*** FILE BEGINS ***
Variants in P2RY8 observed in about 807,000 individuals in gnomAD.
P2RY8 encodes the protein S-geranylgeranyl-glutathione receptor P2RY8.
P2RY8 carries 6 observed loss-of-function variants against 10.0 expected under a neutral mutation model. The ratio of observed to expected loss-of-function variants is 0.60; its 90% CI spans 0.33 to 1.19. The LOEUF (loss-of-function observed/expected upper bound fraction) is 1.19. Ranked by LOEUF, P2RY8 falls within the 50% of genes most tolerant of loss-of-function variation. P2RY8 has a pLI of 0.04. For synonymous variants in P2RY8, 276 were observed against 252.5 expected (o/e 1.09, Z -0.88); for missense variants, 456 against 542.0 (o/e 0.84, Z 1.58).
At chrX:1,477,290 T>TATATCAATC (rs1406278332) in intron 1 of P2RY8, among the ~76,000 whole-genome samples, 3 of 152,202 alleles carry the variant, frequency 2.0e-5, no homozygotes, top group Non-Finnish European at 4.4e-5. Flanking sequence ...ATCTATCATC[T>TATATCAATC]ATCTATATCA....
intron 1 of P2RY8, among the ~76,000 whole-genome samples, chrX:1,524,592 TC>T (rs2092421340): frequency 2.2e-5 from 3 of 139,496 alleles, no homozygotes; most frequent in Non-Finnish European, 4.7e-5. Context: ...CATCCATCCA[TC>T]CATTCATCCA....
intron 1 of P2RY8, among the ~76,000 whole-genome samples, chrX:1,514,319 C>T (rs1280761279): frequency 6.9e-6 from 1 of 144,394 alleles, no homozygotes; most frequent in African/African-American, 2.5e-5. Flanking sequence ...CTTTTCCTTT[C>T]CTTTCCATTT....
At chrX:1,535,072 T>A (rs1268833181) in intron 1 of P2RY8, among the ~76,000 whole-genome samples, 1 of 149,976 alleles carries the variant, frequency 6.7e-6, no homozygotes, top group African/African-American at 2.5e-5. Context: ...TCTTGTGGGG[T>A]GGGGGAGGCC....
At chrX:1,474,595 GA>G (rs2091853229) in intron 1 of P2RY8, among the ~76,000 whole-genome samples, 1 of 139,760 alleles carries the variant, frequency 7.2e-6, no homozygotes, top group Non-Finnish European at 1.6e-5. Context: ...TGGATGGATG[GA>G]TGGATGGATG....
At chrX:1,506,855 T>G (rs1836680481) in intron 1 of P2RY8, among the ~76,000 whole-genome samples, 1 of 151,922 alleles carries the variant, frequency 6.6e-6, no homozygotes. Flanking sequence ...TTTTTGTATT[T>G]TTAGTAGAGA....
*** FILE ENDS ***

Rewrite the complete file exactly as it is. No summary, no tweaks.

Variants in P2RY8 observed in about 807,000 individuals in gnomAD.
P2RY8 encodes the protein S-geranylgeranyl-glutathione receptor P2RY8.
P2RY8 carries 6 observed loss-of-function variants against 10.0 expected under a neutral mutation model. The ratio of observed to expected loss-of-function variants is 0.60; its 90% CI spans 0.33 to 1.19. The LOEUF (loss-of-function observed/expected upper bound fraction) is 1.19. Ranked by LOEUF, P2RY8 falls within the 50% of genes most tolerant of loss-of-function variation. P2RY8 has a pLI of 0.04. For synonymous variants in P2RY8, 276 were observed against 252.5 expected (o/e 1.09, Z -0.88); for missense variants, 456 against 542.0 (o/e 0.84, Z 1.58).
At chrX:1,477,290 T>TATATCAATC (rs1406278332) in intron 1 of P2RY8, among the ~76,000 whole-genome samples, 3 of 152,202 alleles carry the variant, frequency 2.0e-5, no homozygotes, top group Non-Finnish European at 4.4e-5. Flanking sequence ...ATCTATCATC[T>TATATCAATC]ATCTATATCA....
intron 1 of P2RY8, among the ~76,000 whole-genome samples, chrX:1,524,592 TC>T (rs2092421340): frequency 2.2e-5 from 3 of 139,496 alleles, no homozygotes; most frequent in Non-Finnish European, 4.7e-5. Context: ...CATCCATCCA[TC>T]CATTCATCCA....
intron 1 of P2RY8, among the ~76,000 whole-genome samples, chrX:1,514,319 C>T (rs1280761279): frequency 6.9e-6 from 1 of 144,394 alleles, no homozygotes; most frequent in African/African-American, 2.5e-5. Flanking sequence ...CTTTTCCTTT[C>T]CTTTCCATTT....
At chrX:1,535,072 T>A (rs1268833181) in intron 1 of P2RY8, among the ~76,000 whole-genome samples, 1 of 149,976 alleles carries the variant, frequency 6.7e-6, no homozygotes, top group African/African-American at 2.5e-5. Context: ...TCTTGTGGGG[T>A]GGGGGAGGCC....
At chrX:1,474,595 GA>G (rs2091853229) in intron 1 of P2RY8, among the ~76,000 whole-genome samples, 1 of 139,760 alleles carries the variant, frequency 7.2e-6, no homozygotes, top group Non-Finnish European at 1.6e-5. Context: ...TGGATGGATG[GA>G]TGGATGGATG....
At chrX:1,506,855 T>G (rs1836680481) in intron 1 of P2RY8, among the ~76,000 whole-genome samples, 1 of 151,922 alleles carries the variant, frequency 6.6e-6, no homozygotes. Flanking sequence ...TTTTTGTATT[T>G]TTAGTAGAGA....